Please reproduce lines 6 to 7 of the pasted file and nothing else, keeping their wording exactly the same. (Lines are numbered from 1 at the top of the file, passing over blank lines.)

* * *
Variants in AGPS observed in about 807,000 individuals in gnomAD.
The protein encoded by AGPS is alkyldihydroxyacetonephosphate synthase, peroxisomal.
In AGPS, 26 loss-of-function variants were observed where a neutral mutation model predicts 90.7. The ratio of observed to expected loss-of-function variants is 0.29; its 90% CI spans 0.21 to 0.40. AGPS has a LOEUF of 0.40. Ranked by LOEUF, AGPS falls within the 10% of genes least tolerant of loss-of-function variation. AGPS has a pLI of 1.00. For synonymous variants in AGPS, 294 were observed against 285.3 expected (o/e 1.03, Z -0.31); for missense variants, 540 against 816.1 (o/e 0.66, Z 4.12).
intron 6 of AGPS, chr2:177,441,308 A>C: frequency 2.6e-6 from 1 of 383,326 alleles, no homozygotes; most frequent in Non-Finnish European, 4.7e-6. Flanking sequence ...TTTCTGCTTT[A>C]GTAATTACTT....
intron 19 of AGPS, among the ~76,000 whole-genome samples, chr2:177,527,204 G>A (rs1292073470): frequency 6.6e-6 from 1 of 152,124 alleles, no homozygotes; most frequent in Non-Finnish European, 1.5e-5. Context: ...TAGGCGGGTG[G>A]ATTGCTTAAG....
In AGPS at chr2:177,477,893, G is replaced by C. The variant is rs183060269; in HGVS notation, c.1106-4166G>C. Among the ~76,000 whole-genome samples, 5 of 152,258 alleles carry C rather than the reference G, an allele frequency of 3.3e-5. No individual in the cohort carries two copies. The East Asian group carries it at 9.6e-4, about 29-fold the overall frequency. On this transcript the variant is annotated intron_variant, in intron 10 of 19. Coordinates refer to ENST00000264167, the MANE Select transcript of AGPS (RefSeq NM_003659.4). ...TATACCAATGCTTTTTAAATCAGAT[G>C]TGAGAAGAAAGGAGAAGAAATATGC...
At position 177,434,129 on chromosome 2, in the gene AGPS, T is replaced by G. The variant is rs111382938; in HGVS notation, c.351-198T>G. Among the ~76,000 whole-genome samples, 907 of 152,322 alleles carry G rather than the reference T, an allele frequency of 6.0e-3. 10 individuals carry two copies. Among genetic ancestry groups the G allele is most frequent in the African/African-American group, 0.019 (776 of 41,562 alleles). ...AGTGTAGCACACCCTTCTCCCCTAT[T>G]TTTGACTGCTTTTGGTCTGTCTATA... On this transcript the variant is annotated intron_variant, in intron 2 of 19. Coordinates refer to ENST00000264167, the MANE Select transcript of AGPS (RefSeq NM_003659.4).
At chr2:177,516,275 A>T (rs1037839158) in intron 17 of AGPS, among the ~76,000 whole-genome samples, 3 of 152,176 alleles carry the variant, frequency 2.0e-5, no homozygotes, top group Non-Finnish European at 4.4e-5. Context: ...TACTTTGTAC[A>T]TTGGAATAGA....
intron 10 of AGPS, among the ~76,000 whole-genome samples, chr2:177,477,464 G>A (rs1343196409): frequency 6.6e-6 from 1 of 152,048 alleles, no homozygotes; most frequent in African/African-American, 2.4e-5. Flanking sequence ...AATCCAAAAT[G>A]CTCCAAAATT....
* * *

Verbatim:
In AGPS at chr2:177,477,893, G is replaced by C. The variant is rs183060269; in HGVS notation, c.1106-4166G>C. Among the ~76,000 whole-genome samples, 5 of 152,258 alleles carry C rather than the reference G, an allele frequency of 3.3e-5. No individual in the cohort carries two copies. The East Asian group carries it at 9.6e-4, about 29-fold the overall frequency. On this transcript the variant is annotated intron_variant, in intron 10 of 19. Coordinates refer to ENST00000264167, the MANE Select transcript of AGPS (RefSeq NM_003659.4). ...TATACCAATGCTTTTTAAATCAGAT[G>C]TGAGAAGAAAGGAGAAGAAATATGC...
At position 177,434,129 on chromosome 2, in the gene AGPS, T is replaced by G. The variant is rs111382938; in HGVS notation, c.351-198T>G. Among the ~76,000 whole-genome samples, 907 of 152,322 alleles carry G rather than the reference T, an allele frequency of 6.0e-3. 10 individuals carry two copies. Among genetic ancestry groups the G allele is most frequent in the African/African-American group, 0.019 (776 of 41,562 alleles). ...AGTGTAGCACACCCTTCTCCCCTAT[T>G]TTTGACTGCTTTTGGTCTGTCTATA... On this transcript the variant is annotated intron_variant, in intron 2 of 19. Coordinates refer to ENST00000264167, the MANE Select transcript of AGPS (RefSeq NM_003659.4).